Investigators say a Maricopa County sheriff’s deputy driving an unmarked police vehicle was traveling at 81 mph in a 40 mph zone when he plowed into a car, killing the 63-year-old driver.
The Maricopa County Attorney’s Office is weighing whether or not to charge Deputy Sean Pearce with the manslaughter of Glendale resident John Harding.
Pearce’s unmarked police vehicle, a Chevrolet Tahoe, hit Harding’s Nissan Cube as it was turning onto Hayward Avenue on Dec. 16. The speed at impact was 48 to 53 mph.
Harding later died at a local hospital.
The crash report stated that Harding failed to yield the right of way.
Pearce claims Harding was looking the wrong way the entire time.
He told investigators that he attempted to turn when he saw the Nissan pulling out so he would hit the rear of the vehicle, but his brakes locked.
He is still on regular duty, despite a criminal probe. An internal affairs investigation will begin when that probe is closed.
"One of the first things is trying to determine whether or not the facts involved support criminal liability versus something that, really at the end of the day, amounts to a horrific accident that is more appropriately resolved in a civil contest," said County Attorney Bill Montgomery.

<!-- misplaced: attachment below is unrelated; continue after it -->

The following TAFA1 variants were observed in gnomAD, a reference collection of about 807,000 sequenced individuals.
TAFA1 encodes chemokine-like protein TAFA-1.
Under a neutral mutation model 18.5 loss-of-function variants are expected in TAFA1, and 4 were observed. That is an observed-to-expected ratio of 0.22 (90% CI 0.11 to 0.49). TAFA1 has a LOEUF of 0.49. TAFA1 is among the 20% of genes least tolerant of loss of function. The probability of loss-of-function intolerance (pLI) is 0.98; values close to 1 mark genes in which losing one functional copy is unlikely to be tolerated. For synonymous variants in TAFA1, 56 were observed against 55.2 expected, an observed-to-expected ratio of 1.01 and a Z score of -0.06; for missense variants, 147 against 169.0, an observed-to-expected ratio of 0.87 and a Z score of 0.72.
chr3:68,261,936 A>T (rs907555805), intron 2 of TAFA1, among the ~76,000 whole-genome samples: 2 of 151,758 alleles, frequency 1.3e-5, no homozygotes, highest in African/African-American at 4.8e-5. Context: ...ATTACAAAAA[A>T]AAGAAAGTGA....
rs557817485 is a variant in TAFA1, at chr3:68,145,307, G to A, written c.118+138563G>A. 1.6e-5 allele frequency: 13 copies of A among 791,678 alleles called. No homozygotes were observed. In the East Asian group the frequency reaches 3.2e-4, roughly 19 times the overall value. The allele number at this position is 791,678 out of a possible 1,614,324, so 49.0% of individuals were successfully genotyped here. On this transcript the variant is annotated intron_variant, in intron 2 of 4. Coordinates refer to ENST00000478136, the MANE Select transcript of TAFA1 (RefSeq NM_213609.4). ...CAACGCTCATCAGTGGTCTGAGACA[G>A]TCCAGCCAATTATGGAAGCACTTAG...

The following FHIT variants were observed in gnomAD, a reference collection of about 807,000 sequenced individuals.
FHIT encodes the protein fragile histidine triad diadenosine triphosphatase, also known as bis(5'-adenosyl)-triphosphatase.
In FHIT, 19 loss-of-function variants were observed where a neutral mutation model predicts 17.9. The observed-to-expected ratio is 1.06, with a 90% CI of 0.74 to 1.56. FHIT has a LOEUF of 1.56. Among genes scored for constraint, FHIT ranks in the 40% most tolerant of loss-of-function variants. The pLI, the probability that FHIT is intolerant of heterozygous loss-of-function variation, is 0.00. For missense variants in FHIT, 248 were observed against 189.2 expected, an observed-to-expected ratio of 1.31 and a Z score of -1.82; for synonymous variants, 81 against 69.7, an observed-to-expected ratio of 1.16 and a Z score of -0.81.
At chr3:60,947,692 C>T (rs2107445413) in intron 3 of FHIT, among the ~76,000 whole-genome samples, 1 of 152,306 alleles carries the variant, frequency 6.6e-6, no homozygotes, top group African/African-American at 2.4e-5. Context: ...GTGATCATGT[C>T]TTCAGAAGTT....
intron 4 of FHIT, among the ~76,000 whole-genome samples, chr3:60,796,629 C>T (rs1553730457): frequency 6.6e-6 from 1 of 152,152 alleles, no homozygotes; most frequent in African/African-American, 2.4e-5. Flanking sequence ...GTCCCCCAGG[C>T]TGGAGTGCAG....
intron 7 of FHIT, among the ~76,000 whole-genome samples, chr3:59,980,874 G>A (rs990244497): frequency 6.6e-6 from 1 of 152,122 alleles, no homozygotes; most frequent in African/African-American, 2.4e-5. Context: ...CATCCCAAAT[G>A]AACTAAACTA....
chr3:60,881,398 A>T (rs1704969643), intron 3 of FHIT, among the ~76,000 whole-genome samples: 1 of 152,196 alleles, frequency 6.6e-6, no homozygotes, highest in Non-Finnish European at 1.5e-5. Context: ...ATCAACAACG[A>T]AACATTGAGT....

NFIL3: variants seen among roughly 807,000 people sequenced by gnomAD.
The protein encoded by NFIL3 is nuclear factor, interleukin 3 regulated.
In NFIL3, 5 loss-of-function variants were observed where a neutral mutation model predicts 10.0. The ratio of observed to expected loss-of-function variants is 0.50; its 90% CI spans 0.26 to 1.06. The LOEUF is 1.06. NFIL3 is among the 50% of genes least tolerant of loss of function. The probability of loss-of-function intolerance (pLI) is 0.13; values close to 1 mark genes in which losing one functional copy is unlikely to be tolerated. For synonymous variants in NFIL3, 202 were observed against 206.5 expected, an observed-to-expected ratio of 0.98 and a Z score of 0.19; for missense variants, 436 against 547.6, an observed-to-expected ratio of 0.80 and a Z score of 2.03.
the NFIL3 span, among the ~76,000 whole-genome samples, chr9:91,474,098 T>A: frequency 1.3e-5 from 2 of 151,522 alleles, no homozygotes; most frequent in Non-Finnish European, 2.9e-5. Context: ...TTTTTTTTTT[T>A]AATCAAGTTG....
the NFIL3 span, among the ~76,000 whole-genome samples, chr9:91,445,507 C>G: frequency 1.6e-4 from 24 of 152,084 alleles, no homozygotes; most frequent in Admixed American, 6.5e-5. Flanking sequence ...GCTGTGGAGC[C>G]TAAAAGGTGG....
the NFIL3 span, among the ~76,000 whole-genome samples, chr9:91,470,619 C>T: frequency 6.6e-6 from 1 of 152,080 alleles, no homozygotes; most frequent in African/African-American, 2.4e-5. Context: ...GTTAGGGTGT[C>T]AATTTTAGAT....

In the state of Arizona any rate above 21 miles over the speed limit is deemed criminal speeding.
"Typically, in reviewing vehicular cases, speed alone may not be enough," he said. "We may look for something else in addition to that."
Harry Ryon, a former sergeant and 24-year veteran of the Los Angeles Police Department, told AZ Central that police have the right to violate any traffic law, but only when sirens and emergency lights are being used.
Ryon said Pearce "did not have the right under state law to be driving that fast,” because the vehicle was unmarked and had no lights.
"If you're not on an emergency run, you're supposed to obey traffic laws," he added.
Furthermore he says Harding probably never would have guessed that the Tahoe was traveling so fast.